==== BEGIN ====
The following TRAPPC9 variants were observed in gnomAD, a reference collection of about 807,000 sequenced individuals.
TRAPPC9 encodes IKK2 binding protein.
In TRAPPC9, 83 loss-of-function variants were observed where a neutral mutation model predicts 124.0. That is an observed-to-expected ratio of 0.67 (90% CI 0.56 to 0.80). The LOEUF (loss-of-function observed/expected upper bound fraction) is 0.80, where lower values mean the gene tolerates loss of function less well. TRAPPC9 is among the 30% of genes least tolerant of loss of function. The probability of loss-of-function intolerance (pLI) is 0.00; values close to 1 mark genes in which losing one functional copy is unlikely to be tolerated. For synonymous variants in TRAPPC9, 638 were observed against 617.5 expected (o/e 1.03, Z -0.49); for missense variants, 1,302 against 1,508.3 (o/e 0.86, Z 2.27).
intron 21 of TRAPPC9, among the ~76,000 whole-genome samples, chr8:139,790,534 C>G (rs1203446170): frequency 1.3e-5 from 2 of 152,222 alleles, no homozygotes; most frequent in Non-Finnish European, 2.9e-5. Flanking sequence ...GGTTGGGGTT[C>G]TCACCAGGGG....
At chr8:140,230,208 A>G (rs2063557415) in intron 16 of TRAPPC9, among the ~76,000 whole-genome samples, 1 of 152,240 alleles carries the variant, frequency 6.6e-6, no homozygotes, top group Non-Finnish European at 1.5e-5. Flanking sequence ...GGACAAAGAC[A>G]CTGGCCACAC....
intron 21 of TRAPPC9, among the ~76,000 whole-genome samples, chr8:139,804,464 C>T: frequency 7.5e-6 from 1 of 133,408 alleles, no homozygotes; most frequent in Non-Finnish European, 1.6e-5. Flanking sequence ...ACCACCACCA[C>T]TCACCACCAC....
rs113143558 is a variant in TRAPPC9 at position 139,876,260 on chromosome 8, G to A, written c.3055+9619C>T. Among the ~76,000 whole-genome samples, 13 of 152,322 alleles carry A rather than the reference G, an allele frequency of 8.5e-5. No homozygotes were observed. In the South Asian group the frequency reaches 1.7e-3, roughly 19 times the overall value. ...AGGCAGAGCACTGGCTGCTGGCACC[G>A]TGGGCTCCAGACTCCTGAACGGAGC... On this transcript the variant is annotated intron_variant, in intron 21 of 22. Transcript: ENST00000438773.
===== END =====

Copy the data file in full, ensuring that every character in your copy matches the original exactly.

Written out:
The following TRAPPC9 variants were observed in gnomAD, a reference collection of about 807,000 sequenced individuals.
TRAPPC9 encodes IKK2 binding protein.
In TRAPPC9, 83 loss-of-function variants were observed where a neutral mutation model predicts 124.0. That is an observed-to-expected ratio of 0.67 (90% CI 0.56 to 0.80). The LOEUF (loss-of-function observed/expected upper bound fraction) is 0.80, where lower values mean the gene tolerates loss of function less well. TRAPPC9 is among the 30% of genes least tolerant of loss of function. The probability of loss-of-function intolerance (pLI) is 0.00; values close to 1 mark genes in which losing one functional copy is unlikely to be tolerated. For synonymous variants in TRAPPC9, 638 were observed against 617.5 expected (o/e 1.03, Z -0.49); for missense variants, 1,302 against 1,508.3 (o/e 0.86, Z 2.27).
intron 21 of TRAPPC9, among the ~76,000 whole-genome samples, chr8:139,790,534 C>G (rs1203446170): frequency 1.3e-5 from 2 of 152,222 alleles, no homozygotes; most frequent in Non-Finnish European, 2.9e-5. Flanking sequence ...GGTTGGGGTT[C>G]TCACCAGGGG....
At chr8:140,230,208 A>G (rs2063557415) in intron 16 of TRAPPC9, among the ~76,000 whole-genome samples, 1 of 152,240 alleles carries the variant, frequency 6.6e-6, no homozygotes, top group Non-Finnish European at 1.5e-5. Flanking sequence ...GGACAAAGAC[A>G]CTGGCCACAC....
intron 21 of TRAPPC9, among the ~76,000 whole-genome samples, chr8:139,804,464 C>T: frequency 7.5e-6 from 1 of 133,408 alleles, no homozygotes; most frequent in Non-Finnish European, 1.6e-5. Flanking sequence ...ACCACCACCA[C>T]TCACCACCAC....
rs113143558 is a variant in TRAPPC9 at position 139,876,260 on chromosome 8, G to A, written c.3055+9619C>T. Among the ~76,000 whole-genome samples, 13 of 152,322 alleles carry A rather than the reference G, an allele frequency of 8.5e-5. No homozygotes were observed. In the South Asian group the frequency reaches 1.7e-3, roughly 19 times the overall value. ...AGGCAGAGCACTGGCTGCTGGCACC[G>A]TGGGCTCCAGACTCCTGAACGGAGC... On this transcript the variant is annotated intron_variant, in intron 21 of 22. Transcript: ENST00000438773.